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A New Revenue Stream with Video

August 27, 2018 /
{Sponsored} Streaming and on-demand video are capturing audiences of all ages. Whether this is through services such as Netflix, apps on your smartphone, via the DVR connected to your cable system or the on-demand programming also offered on your cable box, these services are the future of entertainment — and the future is now. This future is making its way into sports — even high school, club and youth.

The newest video systems utilize live streaming and ondemand as a new way for camps and sports academies to monetize video systems. Adding a paid aspect to live streaming and on-demand video helps to offset new system costs and is fully flexible for each facility’s needs. Through systems such as PlaySight’s, facilities choose if they want to offer paid streaming subscriptions on a per-game basis, for a set period of time or any other option they prefer. Then the live streaming and on-demand video is available directly from PlaySight’s portal online — just like renting or buying a movie on iTunes. Customers can download games or watch them via streaming on any device.

Ripken Baseball utilizes on-demand video and streaming at its Myrtle Beach and Aberdeen camp and tournament locations. For the youth camps at Myrtle Beach, there is a single camera setup behind home; from this camera, they offer live streaming only.

On Aberdeen’s full-sized diamonds, the set-up is more extensive. They have the same camera behind home and also have a camera zoomed in on the pitcher for ondemand video; additionally, there is a camera on each dugout looking perpendicular at the batters. Via these angles, they can catch the sort of “sweet spot” of the swing. As a composite, the three cameras aimed at home plate catch all angles of a swing.

PlaySight on-demand video from Ripken Baseball

It isn’t just players and coaches who are using video during Ripken Baseball tournaments and camps to help player development anymore. On-demand video has opened up a new revenue stream for Ripken, where parents and superfans pay per game or tournament to watch from afar. “When a player throws a great game, often parents who weren’t at the tournament in person will want to watch that game. It helps connect all of our customers — even those who can’t make it,” said Brian Bezek, manager of player and business development at Ripken Baseball.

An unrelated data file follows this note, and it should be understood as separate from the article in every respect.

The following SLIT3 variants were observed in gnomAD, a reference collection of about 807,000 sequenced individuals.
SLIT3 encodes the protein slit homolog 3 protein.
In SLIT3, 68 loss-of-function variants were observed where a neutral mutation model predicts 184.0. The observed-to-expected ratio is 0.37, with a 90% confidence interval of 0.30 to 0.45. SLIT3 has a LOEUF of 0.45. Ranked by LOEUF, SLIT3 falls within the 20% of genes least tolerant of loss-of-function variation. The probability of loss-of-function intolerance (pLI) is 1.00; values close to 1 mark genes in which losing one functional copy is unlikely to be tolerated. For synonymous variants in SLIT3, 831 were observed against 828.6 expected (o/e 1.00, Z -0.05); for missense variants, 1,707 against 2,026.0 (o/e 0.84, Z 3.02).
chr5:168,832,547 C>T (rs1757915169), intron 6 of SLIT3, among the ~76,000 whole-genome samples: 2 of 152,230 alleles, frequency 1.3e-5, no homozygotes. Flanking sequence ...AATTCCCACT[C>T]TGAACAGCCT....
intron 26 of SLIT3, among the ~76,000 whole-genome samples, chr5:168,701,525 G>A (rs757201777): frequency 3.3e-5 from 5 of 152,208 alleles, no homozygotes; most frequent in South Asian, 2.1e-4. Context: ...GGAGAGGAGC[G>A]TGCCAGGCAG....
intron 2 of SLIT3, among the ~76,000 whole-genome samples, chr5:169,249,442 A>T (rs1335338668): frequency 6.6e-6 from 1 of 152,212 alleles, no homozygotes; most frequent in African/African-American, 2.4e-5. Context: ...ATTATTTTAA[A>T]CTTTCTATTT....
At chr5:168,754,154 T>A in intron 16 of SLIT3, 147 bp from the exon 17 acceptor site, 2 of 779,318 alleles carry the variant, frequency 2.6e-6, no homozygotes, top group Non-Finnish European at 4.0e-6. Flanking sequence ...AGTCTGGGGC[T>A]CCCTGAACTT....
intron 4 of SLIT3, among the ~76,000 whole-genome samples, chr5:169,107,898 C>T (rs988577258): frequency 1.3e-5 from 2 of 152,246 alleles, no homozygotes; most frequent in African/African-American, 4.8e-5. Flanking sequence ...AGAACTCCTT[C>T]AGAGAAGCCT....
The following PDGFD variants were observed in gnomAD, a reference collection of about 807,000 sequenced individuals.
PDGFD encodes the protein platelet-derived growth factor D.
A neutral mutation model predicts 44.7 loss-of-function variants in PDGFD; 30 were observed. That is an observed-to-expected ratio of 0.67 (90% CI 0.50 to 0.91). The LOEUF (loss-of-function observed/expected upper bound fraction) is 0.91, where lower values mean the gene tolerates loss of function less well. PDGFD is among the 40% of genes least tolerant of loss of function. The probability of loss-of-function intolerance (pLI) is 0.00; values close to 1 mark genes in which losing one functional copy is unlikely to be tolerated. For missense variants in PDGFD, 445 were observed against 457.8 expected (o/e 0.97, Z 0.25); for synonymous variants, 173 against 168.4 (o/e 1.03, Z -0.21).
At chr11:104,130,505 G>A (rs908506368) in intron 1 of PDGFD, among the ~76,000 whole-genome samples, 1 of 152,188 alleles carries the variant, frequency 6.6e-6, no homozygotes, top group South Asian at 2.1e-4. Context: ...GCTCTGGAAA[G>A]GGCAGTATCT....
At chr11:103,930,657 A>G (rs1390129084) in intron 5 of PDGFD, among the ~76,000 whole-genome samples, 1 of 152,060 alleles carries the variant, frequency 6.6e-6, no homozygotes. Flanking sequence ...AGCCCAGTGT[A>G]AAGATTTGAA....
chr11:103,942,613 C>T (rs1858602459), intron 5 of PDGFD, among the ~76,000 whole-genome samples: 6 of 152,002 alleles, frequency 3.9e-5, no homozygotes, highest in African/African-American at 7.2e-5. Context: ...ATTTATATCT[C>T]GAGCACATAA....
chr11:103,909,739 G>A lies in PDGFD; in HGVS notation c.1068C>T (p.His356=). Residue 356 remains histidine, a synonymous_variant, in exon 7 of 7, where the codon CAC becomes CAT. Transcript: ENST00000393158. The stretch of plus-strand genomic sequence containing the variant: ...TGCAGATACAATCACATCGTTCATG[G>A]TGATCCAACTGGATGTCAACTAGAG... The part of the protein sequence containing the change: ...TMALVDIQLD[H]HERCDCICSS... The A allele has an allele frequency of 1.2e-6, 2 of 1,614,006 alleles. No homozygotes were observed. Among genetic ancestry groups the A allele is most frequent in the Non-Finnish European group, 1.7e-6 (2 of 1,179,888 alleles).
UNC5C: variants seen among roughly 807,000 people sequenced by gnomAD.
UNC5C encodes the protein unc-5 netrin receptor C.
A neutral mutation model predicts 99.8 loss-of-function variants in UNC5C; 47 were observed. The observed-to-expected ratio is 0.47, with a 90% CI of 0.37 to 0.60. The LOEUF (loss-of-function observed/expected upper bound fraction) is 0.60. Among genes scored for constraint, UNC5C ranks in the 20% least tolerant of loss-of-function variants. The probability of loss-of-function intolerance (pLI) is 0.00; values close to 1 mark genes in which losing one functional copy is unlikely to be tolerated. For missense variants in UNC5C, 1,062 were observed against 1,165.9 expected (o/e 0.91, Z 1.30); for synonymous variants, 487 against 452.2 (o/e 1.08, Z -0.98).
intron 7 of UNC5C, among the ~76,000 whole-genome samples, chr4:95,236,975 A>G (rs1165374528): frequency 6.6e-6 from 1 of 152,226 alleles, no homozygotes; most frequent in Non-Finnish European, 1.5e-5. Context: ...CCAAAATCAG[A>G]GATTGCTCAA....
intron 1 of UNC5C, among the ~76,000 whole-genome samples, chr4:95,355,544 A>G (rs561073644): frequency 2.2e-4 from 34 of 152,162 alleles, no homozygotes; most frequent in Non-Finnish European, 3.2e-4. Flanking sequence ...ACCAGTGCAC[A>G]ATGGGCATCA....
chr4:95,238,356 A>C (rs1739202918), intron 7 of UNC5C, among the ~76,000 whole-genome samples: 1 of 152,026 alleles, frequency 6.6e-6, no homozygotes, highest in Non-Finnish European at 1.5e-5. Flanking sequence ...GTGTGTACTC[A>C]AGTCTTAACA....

“I think there is a lot of video analysis and player development that these technologies can be used for,” Bezek said. “With four camera angles, coaches can analyze video and see what athletes are struggling with. It’s one thing to be able to tell the player their hands are too far forward or that their stride needs work, and it is a whole different dynamic when you can show them.”

This also means that parents can get in on the action when they can’t make it to camp. These games are available via live-streaming and on-demand video right from any web browser. Parents are watching a game from their offices or homes or even waiting to watch with their kids after camp is over. The way camps and tournaments rationalize this is that after parents pay hundreds of dollars to send their kids to a tournament or camp to continue to develop their skills, the parents will absolutely be willing to pay just a few dollars more to see that development in action. It’s an easy sell to those parents.

In addition to utilizing on-demand video and live streaming for in-game and during-camp analytics, Ripken Baseball is monetizing this video in several ways. They first tested out the services for free to gain interest. Once it proved to be invaluable, they began utilizing several tiers.

Ripken Baseball customers (whether players, parents or coaches) are able to choose anywhere from one day, three days or a whole week or month for a pass. The longer the pass, the longer the customer has access to streaming; many customers opt to pay for a month pass in order to continue reliving the games after the tournament is over. Since there wasn’t much of a difference in cost between a week or month pass, this offering was a no-brainer.

“We’ve been using streaming through PlaySight for a while now. The consistency and quality they offer are the biggest pluses,” Bezek said. Parents and grandparents who can’t make it to tournaments are incredibly grateful that they can pay a few dollars to see their kids play. The latest inclusion, sound, has been Bezek’s favorite part yet. “It has done wonders for viewer experience. It’s like being at the field instead of sitting at home, because you can hear cheering and players being announced to have a better understanding of the flow of the game,” Bezek said.

“PlaySight has been an incredible partner. We’re excited to continue working with them in the future. We can’t wait to see where the technology goes,” he said. “They’ve made it clear they have bought into what we’re doing at Ripken Baseball. We’ve gone from no sound to sound and from monetizing by field to paying by facility. The improvements have made a huge difference. We’re thrilled to see what the next 12 to 18 months hold.”

For more information on on-demand video and streaming, visit PlaySight.com.

© 2018 PlaySight


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